Spring 2018 Newsletter

Corn is germinating, hay is being baled, and spring is well underway. It's a critical time of year to start harvesting fall planted crops, as well as to get started on planting spring varieties. Continue reading for updates on the water situation, how our government is affecting growers, and how to best take advantage of spring planting this season.

Addressing the water situation:

March rains brought brief hope to the Central California Valley after another winter of extremely low precipitation levels. Overall seasonal rainfall and snow pack levels are still below where they should be. However, thanks to last year's wet conditions and some late storms, reservoir levels appear to be in above average shape.

The United States Bureau of Reclamation closely tracks the condition of California's many reservoirs, where much of the irrigation water is originally channeled from. In studying the map below, recent statistics currently show comfortable reservoir levels across the state. Reservoirs that pertain to the San Joaquin Valley region including the Don Pedro Reservoir, New Melones Lake, and Lake McClure are all well over historical averages by at least 25% and hovering around 85-95% capacity. Spring and summer snow melt may drive these figures up even higher, which is good news for farmers looking to irrigate.

For information on where you personally stand when it comes to water rights and estimated 2018 allocations, contract your local county irrigation district office.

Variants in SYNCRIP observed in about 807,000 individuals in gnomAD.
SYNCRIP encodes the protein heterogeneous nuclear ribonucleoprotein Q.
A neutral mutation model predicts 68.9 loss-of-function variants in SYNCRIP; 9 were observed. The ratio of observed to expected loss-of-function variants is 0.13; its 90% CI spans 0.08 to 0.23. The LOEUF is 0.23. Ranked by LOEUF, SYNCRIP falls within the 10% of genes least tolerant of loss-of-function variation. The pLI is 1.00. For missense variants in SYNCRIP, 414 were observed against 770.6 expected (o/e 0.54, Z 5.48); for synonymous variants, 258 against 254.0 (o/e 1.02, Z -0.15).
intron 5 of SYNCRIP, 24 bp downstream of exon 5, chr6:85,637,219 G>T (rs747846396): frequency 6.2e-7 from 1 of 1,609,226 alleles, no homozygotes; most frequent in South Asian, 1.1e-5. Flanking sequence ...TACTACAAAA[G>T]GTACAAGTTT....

Product Spotlight: SX 5546 Roundup Ready Corn

Our SX 5546 Roundup Ready corn is the biggest and tallest variety in our lineup, making it perfect for silage growers needing to maximize their yield per acre. This variety is quick out of the ground and handles stress well. Lodging can occur in areas with high wind or sandy soil. Check out our website or contact us to learn about our corn selections this season.


2018 is a Farm Bill year in politics: what does that mean to farmers?

This piece of legislation is reviewed every five years, and many of the funding for future agricultural programs is established within it. The figure above displays how the last revision of the bill was largely focused on nutrition, and it appears that nutrition is again a large source of controversy on this year's revision, namely the Supplemental Nutrition Assistance Program (SNAP).

SNAP is what determines the allocation of government distributed food stamps, and the discourse over whether or not to make cuts in the program has largely kept the bill from moving forward. There is a largely Republican movement to shift funding away from welfare dependency and towards supporting struggling commodity industries. The efforts to better allocate the nutrition funds that are currently holding four fifths of the USDA's budget could be used towards dairy and cotton producers, research grants, small farm start ups, and many other relevant causes. 

It's important to remember that California provides roughly half of the nation's fruits, veggies and nuts, in addition to about 20% of the milk. Without support for growers, especially with the current inconsistent market trends, there would be a huge shortage of commodities nationwide, and SNAP might not even be possible in the first place. Click
HERE for more information on what the Farm Bill is and what it will entail. 

Interested in spring planting?
You know what to do next.

Click the buttons below to browse our website or send us an email directly. Feel free to also call our toll free number at 800-306-4333 for any questions.

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